Will regional leaders take this opportunity to forge a new path, or will they continue with their destructive asphalt habit?

7 thoughts on Detroit’s Regional Planners Need to Kick the Highway Habit

  1. We have a similar problem with the highways in Chicago in that they isolate neighborhoods and are very difficult to cross. Why do planners continue to think massive highways will revitalize cities?

  2. There are two major enablers of road capacity addiction:

    1. Road capacity projects are the ones that get federal funding (by statutory formula). Local electeds are left with a choice of building a road or building nothing. They like economic activity and job creation, even if temporary highway jobs . . . despite transit investments creating more jobs – and permanent ones. Some officials knowingly accept the trade-off because they can’t change the funding constraints.

    2. Regional models need an overhaul, and not by the people that have vested interest in maintaining the status quo. Outcomes predicted by the models use past performance to project future return on investment. They are incapable of effectively weighing highway verses transit. They can evaluate highways, alone, and transit agencies do quite well modeling transit, alone, but when a highway agency advocating for a capacity improvement is involved, the models crash and burn in comparing reasonable alternatives. Perhaps it isn’t the model, but rather the agency controlling the model. In any case, and for example, a Chicago area model run supporting an onoging I-290 EIS predicted that despite extension of rail service combined with new BRT service to and from the region’s three largest suburban job centers, a partial add-a-lane with express bus on it generated more transit trips than the major investment in transit combined with congestion pricing. In fact, the model predicted that the transit and road pricing solution would result in a *decline* in transit ridership when compared to doing nothing at all. While seemingly counter-intuitive, or even plainly ridiculous, the study marches forward having accepted the analysis as true with the only explanation being that “there’s a lot going on in the model.” Ummmm, there sure is.

    Thus, unless funding streams and modeling errors can be fixed, avoided, or properly controlled, we are going to keep seeing highway projects that yield very little, if any, return on investment – more likely, they’ll simply continue to exhibit negative return on investment, all costs and impacts accounted for.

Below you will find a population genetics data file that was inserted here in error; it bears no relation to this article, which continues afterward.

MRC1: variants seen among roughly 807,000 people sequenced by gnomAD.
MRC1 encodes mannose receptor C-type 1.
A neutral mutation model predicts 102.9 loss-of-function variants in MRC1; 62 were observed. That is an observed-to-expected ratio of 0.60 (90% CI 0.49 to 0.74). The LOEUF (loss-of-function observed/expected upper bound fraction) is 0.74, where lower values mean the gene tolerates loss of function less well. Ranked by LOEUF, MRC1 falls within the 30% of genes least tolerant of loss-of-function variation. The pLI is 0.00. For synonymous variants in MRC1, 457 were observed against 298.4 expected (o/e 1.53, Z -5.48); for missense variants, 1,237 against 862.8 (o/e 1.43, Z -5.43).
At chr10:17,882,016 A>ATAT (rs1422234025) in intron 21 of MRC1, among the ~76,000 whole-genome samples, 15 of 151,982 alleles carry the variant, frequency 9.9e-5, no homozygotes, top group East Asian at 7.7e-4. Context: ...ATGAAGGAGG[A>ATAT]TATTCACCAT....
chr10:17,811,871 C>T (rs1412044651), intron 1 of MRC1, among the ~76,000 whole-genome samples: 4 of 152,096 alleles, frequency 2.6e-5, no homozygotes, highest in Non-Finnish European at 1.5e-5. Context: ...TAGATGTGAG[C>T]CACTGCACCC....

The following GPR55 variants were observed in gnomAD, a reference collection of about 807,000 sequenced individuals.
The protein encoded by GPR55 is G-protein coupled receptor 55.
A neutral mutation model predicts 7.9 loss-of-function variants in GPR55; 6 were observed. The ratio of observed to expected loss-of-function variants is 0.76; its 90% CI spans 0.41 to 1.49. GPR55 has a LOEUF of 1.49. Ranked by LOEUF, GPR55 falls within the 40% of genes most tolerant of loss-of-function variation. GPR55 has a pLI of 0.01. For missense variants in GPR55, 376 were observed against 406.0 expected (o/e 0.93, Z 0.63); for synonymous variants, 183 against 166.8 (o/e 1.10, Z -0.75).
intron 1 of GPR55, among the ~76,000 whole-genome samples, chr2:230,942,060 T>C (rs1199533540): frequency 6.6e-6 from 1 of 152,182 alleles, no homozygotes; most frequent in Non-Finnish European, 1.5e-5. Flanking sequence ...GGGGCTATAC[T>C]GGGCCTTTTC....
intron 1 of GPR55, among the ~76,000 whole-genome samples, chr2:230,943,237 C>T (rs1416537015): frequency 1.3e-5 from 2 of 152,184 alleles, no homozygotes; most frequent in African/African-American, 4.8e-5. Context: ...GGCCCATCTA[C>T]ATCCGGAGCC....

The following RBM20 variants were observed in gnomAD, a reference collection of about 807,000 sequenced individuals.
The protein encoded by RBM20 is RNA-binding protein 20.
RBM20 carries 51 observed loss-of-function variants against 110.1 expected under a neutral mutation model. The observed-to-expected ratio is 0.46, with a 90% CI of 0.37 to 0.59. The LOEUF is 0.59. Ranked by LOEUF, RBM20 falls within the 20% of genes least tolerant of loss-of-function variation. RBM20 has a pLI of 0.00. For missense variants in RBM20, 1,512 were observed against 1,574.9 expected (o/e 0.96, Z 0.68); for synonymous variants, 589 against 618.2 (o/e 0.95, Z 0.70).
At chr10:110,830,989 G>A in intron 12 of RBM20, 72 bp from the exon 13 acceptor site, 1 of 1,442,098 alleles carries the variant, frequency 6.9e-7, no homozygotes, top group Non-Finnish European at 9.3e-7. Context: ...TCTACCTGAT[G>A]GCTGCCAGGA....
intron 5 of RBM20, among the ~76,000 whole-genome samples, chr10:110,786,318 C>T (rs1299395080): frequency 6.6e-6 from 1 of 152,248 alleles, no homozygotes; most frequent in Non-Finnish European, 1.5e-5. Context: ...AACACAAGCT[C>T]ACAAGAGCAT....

3. Urban planners generally don’t think massive highways are great for urban areas – highway engineers do, and the politics and limitations of project financing and modeling allow them to continue their charade of making investments to solve congestion and improve safety.

    They make their decisions in ivory towers with basements filled to the ceiling with pieces of eight, far away from from the project areas they identify as being in need of major investment due to the presence of old highway infrastructure, geometric deficiencies, and capacity constraints. If you stand at the base of the tower, you can hear them chuckle, “We could do this job with our eyes closed”, with several replying that they’ve had blinders on for decades. Then they laugh in unison, oblivious to both the people that can hear them outside of the tower and those that – they say – will benefit from their efforts to continue to dump billions into incremental highway capacity while effectively ignoring the fact that there are other modes requiring improvement and expansion — far superior investment strategies for urban transportation.

    But then again, isn’t the solution to a weight problem simply buying larger pants?

  4. As a former commuter through I-94. It is BROKEN and must be fixed. Fixing the antiquated left exits would greatly help but more than 4 lanes each way is not going to help…